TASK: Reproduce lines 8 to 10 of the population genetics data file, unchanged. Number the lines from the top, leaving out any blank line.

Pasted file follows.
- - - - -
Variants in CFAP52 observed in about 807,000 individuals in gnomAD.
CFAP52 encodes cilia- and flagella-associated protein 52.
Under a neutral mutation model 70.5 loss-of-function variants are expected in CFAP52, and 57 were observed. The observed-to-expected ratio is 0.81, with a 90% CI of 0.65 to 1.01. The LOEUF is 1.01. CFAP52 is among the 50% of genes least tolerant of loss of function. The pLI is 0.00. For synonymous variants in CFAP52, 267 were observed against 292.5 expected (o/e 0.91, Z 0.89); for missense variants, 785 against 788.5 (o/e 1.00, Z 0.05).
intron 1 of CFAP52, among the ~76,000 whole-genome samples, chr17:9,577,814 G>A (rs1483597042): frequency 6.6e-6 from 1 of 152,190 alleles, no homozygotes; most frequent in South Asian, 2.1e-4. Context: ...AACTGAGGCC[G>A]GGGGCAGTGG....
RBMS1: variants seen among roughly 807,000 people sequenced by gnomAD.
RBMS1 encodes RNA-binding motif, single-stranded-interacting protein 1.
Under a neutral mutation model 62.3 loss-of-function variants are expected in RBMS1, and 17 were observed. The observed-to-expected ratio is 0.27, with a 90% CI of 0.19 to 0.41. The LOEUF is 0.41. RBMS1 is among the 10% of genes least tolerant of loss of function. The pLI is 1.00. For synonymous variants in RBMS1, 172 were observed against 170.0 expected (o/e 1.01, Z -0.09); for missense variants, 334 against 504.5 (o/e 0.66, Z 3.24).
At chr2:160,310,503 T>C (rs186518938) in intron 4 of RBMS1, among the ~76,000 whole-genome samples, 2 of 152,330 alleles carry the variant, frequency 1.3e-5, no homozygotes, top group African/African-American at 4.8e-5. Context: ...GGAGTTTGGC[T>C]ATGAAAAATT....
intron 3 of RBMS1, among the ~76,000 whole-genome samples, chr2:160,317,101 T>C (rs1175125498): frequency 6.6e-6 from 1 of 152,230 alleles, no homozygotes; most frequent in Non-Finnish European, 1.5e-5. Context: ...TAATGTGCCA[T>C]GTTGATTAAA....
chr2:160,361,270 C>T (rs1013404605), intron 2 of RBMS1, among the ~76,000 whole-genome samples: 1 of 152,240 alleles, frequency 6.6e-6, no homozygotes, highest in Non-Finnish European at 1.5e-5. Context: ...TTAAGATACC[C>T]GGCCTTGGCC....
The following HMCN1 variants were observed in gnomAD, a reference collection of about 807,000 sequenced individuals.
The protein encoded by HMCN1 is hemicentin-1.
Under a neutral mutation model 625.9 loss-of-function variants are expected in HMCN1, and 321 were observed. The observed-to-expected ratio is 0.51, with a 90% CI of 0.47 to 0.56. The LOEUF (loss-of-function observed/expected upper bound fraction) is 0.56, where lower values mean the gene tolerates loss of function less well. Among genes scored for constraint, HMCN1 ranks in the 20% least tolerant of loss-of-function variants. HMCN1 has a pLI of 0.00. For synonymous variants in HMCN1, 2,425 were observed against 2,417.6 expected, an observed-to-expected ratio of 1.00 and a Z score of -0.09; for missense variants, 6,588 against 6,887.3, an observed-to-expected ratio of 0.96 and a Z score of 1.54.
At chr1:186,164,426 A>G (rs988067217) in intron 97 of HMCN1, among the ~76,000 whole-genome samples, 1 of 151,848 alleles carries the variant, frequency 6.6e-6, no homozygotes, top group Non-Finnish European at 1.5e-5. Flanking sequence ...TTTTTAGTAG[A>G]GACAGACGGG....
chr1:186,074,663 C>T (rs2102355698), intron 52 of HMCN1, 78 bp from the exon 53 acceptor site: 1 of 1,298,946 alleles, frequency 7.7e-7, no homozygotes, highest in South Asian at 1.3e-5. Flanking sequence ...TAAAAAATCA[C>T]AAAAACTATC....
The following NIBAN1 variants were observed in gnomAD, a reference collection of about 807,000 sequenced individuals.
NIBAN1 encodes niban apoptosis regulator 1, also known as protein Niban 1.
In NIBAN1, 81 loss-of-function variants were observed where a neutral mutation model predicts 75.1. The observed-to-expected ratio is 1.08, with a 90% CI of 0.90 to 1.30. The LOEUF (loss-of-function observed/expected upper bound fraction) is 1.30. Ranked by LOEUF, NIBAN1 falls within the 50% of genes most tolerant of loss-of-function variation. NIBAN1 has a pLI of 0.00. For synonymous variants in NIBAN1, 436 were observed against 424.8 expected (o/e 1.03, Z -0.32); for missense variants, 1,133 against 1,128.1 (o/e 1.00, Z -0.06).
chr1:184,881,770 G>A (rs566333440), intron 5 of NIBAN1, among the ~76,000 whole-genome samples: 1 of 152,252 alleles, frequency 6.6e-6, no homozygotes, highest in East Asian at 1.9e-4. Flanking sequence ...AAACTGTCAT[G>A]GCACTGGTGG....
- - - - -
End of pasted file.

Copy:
At chr2:160,310,503 T>C (rs186518938) in intron 4 of RBMS1, among the ~76,000 whole-genome samples, 2 of 152,330 alleles carry the variant, frequency 1.3e-5, no homozygotes, top group African/African-American at 4.8e-5. Context: ...GGAGTTTGGC[T>C]ATGAAAAATT....
intron 3 of RBMS1, among the ~76,000 whole-genome samples, chr2:160,317,101 T>C (rs1175125498): frequency 6.6e-6 from 1 of 152,230 alleles, no homozygotes; most frequent in Non-Finnish European, 1.5e-5. Context: ...TAATGTGCCA[T>C]GTTGATTAAA....
chr2:160,361,270 C>T (rs1013404605), intron 2 of RBMS1, among the ~76,000 whole-genome samples: 1 of 152,240 alleles, frequency 6.6e-6, no homozygotes, highest in Non-Finnish European at 1.5e-5. Context: ...TTAAGATACC[C>T]GGCCTTGGCC....